Other than that you barely made any comments on why 3d isn’t good. You just bitched about why people look dumb or how it’s becoming main stream or other opinions BESIDES talking about why 3d actually is a negative thing compared to watching it in 2d. These things don’t necessarily take away from 3d, especailly the mainstream part. Why does that matter? I mean so much good as come out of making something main stream, so simply making 3d mainstream isn’t a bad thing. I’m not even going to comment on the rest of them because I can simply make the same argument for the rest…IT DOESN’T MATTER BECAUSE THERE IT DOESN’T NECESSARILY MAKE IT NEGATIVE.

    The only thing that partly agreed with you on was that it makes shitty movies more expensive. Ok, so what. If people want to see a shitty movie for more…go them. The real problem is when they make an awesome movie in 3d and then the 3d itself sucks because they made it for people who don’t want to watch 3d (they don’t have the double image spaced out enough which makes the 3d). For instance, when I saw tron, the previews were better in 3d than the movie because they spaced the double image more in the previews than the actual movie.

    IF YOU CANNOT STAND WATCHING 3D MOVIES, DON’T. Stop watching them so the people who make the movies in 3d will make the movie look good in 3d instead of shitting all over it and making the previews better than the movie.

    But like I said before…you suck as a reviewer of topics because you don’t even hit on why something is bad, you just bitch about irrelevant topics that are associated to the thing you hate, but it doesn’t actually take away from the thing necessarily.

  5. Eli Roth says:

    You’re good at bitching too. It is very translucent.

  6. Dave says:

    Oh my god, I never thought I would find anyone else who would feel the same as I do about 3D movies. By the way, I saw Tron Legacy in 3D. I wish I hadn’t. It ruined the depth.
    And no, Mainstream is not a good thing.

    WOO! I’m commenting on an almost year old article!

  7. sdhasd says:

    I haven’t seen 3d yet because i do not go to a theatre to watch movies i download 1080p blu ray rips..and i havent got a 3dtv yet but i might one day, the movies that get released on blu ray 3d arent that great because they are gay childish movies and not all movies are released in 3d, so wuts the point of gettin a 3d blu ray player when most of the movies u watch will be in 2d..and the only thing i like about 3d is the games that support it (havent seen 3d yet) but games are a good thing when it comes to 3d

  8. Pizza Sauce Dude says:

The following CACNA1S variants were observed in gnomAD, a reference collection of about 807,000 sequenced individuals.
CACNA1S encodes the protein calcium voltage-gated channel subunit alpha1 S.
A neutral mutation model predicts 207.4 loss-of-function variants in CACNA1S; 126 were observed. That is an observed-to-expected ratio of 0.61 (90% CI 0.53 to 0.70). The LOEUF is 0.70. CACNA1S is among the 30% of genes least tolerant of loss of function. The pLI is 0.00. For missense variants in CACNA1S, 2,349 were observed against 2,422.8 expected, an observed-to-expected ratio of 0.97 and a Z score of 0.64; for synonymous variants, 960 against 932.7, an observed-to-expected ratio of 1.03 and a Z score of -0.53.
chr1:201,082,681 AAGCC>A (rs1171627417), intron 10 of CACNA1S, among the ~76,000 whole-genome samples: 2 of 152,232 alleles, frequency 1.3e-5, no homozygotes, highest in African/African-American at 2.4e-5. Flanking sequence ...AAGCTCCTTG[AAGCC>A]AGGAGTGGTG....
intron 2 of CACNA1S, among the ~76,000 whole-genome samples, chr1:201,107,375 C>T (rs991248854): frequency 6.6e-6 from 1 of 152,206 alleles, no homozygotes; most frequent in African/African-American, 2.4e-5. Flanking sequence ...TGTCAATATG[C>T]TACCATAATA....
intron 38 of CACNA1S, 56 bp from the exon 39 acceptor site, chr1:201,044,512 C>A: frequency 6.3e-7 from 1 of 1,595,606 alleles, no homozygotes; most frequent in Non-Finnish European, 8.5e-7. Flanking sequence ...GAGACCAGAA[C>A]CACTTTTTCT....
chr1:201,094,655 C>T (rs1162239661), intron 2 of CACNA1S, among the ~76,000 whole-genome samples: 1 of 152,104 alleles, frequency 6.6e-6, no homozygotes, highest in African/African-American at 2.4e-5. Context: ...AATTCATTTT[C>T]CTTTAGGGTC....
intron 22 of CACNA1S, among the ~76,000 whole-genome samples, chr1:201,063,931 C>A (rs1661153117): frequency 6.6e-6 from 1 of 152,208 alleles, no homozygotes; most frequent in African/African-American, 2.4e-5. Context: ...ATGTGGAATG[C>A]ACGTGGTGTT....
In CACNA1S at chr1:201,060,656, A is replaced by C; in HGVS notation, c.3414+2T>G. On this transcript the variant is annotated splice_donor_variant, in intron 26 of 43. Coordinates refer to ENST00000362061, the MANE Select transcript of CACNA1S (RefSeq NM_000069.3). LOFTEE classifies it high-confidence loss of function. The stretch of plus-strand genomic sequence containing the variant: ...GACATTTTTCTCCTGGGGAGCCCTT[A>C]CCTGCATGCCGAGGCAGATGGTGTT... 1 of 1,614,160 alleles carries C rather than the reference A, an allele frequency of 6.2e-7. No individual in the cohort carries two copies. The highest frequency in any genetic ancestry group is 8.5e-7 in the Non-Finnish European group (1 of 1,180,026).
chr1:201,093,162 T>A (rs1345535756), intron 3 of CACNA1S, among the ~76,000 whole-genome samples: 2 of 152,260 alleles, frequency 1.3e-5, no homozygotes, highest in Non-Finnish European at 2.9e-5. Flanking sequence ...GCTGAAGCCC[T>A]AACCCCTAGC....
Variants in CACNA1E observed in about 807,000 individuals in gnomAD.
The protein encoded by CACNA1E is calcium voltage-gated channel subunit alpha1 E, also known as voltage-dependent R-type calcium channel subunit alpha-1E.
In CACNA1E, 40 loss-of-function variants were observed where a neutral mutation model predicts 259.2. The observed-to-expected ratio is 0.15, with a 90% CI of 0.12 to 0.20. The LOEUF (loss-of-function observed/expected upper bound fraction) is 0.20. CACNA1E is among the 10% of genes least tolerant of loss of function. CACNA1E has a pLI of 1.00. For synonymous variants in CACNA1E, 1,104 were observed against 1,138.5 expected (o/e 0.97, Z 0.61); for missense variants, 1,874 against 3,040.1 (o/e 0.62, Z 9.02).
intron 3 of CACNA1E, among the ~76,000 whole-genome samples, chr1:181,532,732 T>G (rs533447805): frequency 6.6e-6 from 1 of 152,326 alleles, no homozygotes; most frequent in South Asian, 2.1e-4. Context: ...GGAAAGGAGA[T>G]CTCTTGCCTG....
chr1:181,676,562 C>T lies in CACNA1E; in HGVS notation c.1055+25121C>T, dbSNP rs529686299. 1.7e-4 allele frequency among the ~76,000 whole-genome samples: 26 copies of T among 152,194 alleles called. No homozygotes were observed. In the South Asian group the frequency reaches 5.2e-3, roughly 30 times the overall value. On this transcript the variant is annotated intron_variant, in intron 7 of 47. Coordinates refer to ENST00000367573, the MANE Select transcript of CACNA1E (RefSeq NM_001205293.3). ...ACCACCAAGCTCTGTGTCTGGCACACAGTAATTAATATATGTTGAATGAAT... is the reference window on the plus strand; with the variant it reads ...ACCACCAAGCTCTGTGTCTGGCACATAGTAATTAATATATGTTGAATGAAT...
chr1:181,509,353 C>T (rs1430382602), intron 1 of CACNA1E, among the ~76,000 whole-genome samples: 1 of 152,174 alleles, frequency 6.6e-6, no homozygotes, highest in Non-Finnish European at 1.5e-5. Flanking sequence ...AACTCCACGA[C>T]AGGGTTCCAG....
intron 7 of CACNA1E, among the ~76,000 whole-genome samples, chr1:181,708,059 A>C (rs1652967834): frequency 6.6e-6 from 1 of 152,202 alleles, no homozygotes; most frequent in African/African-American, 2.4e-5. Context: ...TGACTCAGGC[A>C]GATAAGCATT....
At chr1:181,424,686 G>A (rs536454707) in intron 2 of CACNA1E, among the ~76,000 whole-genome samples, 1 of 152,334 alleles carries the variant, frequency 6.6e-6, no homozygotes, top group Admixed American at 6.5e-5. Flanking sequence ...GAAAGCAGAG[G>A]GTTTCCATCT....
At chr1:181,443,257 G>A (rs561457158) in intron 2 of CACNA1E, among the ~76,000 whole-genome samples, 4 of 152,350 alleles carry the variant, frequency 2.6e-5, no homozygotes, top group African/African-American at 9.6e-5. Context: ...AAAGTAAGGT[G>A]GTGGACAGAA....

3-D looks more like layers over layers without any real depth at all. So many movies keep adding 3-D and 3-D again and again like it’s really the best thing for entertainment.

  9. Alex says:

    generic_name’s comment back on December 10 is typical of 3-D defenders. They don’t come out and give a reasonable rebuttal. They call people names, they get angry, they spout and they spray … which says to me they don’t believe what they’re typing. Either that or the only people willing to defend 3-D are trolls. Me, I find the experience of watching 3-D removes the immersion of the experience because I’m having to remove the glasses frequently to stop the nausea and headaches. If I want that experience it’s cheaper to buy a DVD and watch it after downing a bottle of Tequila. The dimness and lack of colors in the image are the other issue. Also, no one has ever been able to provide a sound rationale for exactly what 3-D actually adds to the storytelling. Color and sound actually offer legitimate storytelling enhancements. 3-D does not. (Now, true 3-D as in holographic in-the-round 3-D is different as that would allow actual audience interaction in a story. But looking at a cheesy optical illusion which is what current 3-D is really doesn’t cut it.)

  10. great article, Nick. i hate that the industry has been trending 3D. such a gimmick. Tron:Legacy was sweet in IMAX 3D, but that’s the only 3D film I’ve seen that warranted the treatment.

  11. Brandon says:

    All of your points are correct. But it does manage to make it easy to produce the films. It’s true that the props are computer generated and that almost anyone can work on 3D films and make them on lower budget with the help of 3D, even amateurs. But charging people EXTRA for a film which seems faked would be making a fool out of people – I know 16 year olds who make 3D stuff just for fun with ease and post it onto the internet as short films. And simply saying it costs more to produce is like making a fool out of the audience. I rather watch a more realistic look movie with ACTUAL props, casts and costume designs rather than paying EXTRA for a fake one.